The Kremlin’s goals for Ukraine and Belarus are intertwined
Lithuania’s Foreign Minister evaluates Russia’s latest military buildup
Great Power is pleased to bring you this guest post from Gabrielius Landsbergis, the Foreign Minister of Lithuania.
Landsbergis took the post of foreign minister just over a year ago, in December 2020. In the year since, he has thrown Lithuania’s diplomatic resources behind supporting the Belarusian opposition-in-exile, many of whom now make their home in Lithuania beside Russian dissidents who have also had to flee their home country and international NGOs that operate their Russian programs from Vilnius. He has led the way in helping to push for more expansive and effective sanctions against Russia and Belarusian President Lukashenko. He has been outspoken on the need to support Ukraine, Moldova, and Georgia in their westward aspirations. In short order, Moscow has learned to pay attention, and so have his colleagues in the Alliance.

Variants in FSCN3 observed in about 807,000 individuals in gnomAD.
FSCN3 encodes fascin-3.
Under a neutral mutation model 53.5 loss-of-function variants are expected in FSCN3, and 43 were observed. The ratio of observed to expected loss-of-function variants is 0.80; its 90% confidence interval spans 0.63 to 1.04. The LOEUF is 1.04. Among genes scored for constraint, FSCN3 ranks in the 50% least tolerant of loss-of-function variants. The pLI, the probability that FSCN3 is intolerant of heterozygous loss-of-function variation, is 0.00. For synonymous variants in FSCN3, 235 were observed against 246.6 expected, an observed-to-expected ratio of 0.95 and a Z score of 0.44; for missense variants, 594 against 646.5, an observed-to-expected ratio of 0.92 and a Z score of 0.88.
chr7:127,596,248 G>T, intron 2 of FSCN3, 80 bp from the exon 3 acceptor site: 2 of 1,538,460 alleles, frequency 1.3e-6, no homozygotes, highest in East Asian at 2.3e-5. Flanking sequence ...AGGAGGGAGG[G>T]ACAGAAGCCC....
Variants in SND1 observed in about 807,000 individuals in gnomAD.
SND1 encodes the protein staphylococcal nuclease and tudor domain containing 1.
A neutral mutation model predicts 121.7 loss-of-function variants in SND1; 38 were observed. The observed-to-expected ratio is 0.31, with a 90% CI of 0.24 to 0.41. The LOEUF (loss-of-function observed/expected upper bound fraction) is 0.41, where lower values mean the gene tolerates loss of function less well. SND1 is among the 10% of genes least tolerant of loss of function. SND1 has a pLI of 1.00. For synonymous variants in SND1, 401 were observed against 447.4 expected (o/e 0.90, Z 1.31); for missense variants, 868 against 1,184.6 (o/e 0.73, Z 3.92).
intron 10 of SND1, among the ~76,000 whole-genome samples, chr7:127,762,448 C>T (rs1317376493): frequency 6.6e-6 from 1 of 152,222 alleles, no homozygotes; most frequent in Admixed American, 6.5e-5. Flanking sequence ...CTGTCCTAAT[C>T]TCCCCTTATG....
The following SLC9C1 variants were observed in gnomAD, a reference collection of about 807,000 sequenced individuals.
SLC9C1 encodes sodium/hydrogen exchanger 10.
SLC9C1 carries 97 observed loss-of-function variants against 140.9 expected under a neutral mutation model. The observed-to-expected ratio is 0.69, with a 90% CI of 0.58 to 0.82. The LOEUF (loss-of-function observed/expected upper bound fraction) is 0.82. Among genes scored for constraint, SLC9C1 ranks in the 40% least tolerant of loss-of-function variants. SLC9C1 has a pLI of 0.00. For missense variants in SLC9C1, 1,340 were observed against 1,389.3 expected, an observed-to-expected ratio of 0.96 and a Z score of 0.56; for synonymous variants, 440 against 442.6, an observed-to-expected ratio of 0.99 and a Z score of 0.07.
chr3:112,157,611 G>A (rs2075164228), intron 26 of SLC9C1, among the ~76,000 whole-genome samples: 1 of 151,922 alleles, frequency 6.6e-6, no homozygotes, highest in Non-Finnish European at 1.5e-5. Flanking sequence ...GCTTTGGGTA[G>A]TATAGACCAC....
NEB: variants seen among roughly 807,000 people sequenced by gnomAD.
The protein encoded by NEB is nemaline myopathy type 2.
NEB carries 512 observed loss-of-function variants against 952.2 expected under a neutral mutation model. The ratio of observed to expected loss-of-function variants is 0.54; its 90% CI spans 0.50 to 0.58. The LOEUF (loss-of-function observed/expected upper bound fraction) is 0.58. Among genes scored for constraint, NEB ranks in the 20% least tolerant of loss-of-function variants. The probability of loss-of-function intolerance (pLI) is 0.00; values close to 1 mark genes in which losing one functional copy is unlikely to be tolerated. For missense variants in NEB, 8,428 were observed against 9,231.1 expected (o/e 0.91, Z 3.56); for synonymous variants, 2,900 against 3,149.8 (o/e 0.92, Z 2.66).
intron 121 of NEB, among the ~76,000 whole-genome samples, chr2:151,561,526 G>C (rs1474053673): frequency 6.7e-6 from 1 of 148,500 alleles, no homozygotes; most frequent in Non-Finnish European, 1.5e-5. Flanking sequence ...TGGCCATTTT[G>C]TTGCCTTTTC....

Russia has tried to ensure this fortitude comes with steep costs, increasing hybrid measures targeting Lithuania, including using Belarus to weaponize migration across the border into Lithuania — an attempt to destabilize the political and security environments of Lithuania. Simultaneously, Landsbergis has pushed within the EU for a less permissible diplomatic relationship with China and greater awareness of Chinese influence efforts. Combined with Lithuania’s support for Taiwan, this has sparked Chinese ire, resulting in diplomatic expulsions and sanctions. Nonetheless, Lithuania’s values-based diplomacy remains clear — and it should serve as an example.